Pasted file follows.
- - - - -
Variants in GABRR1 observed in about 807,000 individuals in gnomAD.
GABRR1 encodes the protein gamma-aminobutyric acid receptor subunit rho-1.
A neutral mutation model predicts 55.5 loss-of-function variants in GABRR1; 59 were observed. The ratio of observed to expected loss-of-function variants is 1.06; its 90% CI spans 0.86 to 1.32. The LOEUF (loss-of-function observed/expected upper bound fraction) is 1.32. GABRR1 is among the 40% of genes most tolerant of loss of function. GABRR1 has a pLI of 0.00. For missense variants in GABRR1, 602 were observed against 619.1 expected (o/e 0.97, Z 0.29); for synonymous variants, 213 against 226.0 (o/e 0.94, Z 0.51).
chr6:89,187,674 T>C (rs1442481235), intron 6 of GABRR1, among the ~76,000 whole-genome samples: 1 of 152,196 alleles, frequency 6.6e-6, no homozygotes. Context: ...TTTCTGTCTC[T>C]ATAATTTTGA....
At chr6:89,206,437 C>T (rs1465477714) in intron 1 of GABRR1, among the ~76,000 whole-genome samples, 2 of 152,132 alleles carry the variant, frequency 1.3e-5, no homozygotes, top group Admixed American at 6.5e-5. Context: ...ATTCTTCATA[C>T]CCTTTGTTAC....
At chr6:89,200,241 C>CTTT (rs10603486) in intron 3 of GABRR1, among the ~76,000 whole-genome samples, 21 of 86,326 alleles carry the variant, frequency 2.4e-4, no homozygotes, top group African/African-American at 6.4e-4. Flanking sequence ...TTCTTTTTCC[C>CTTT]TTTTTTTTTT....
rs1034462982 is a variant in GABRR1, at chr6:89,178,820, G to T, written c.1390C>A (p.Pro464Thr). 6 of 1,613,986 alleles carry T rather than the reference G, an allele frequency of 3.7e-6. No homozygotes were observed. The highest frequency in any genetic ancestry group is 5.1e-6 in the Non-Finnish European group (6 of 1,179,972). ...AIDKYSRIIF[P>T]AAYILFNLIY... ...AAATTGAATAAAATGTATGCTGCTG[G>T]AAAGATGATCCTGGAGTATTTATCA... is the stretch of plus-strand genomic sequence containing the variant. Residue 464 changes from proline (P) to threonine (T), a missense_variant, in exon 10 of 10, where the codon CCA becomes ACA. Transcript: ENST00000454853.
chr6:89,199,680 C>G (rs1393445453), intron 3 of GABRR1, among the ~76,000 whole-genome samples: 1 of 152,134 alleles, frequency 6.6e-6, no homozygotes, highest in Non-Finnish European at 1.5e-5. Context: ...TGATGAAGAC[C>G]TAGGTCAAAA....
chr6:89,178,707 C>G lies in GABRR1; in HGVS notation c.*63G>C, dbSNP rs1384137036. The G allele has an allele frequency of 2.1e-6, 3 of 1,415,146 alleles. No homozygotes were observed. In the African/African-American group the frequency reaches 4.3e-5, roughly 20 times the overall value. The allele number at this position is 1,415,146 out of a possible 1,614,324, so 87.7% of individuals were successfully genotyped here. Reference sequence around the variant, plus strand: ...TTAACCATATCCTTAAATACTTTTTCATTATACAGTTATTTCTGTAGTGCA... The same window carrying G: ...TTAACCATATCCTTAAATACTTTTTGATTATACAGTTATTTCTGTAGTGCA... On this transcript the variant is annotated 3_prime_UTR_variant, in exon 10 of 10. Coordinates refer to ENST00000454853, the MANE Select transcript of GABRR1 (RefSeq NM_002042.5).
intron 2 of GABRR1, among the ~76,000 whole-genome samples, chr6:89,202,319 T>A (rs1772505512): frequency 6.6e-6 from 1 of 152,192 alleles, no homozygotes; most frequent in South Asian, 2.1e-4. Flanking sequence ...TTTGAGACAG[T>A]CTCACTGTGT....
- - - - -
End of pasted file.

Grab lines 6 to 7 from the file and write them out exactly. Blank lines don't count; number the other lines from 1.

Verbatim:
At chr6:89,200,241 C>CTTT (rs10603486) in intron 3 of GABRR1, among the ~76,000 whole-genome samples, 21 of 86,326 alleles carry the variant, frequency 2.4e-4, no homozygotes, top group African/African-American at 6.4e-4. Flanking sequence ...TTCTTTTTCC[C>CTTT]TTTTTTTTTT....
rs1034462982 is a variant in GABRR1, at chr6:89,178,820, G to T, written c.1390C>A (p.Pro464Thr). 6 of 1,613,986 alleles carry T rather than the reference G, an allele frequency of 3.7e-6. No homozygotes were observed. The highest frequency in any genetic ancestry group is 5.1e-6 in the Non-Finnish European group (6 of 1,179,972). ...AIDKYSRIIF[P>T]AAYILFNLIY... ...AAATTGAATAAAATGTATGCTGCTG[G>T]AAAGATGATCCTGGAGTATTTATCA... is the stretch of plus-strand genomic sequence containing the variant. Residue 464 changes from proline (P) to threonine (T), a missense_variant, in exon 10 of 10, where the codon CCA becomes ACA. Transcript: ENST00000454853.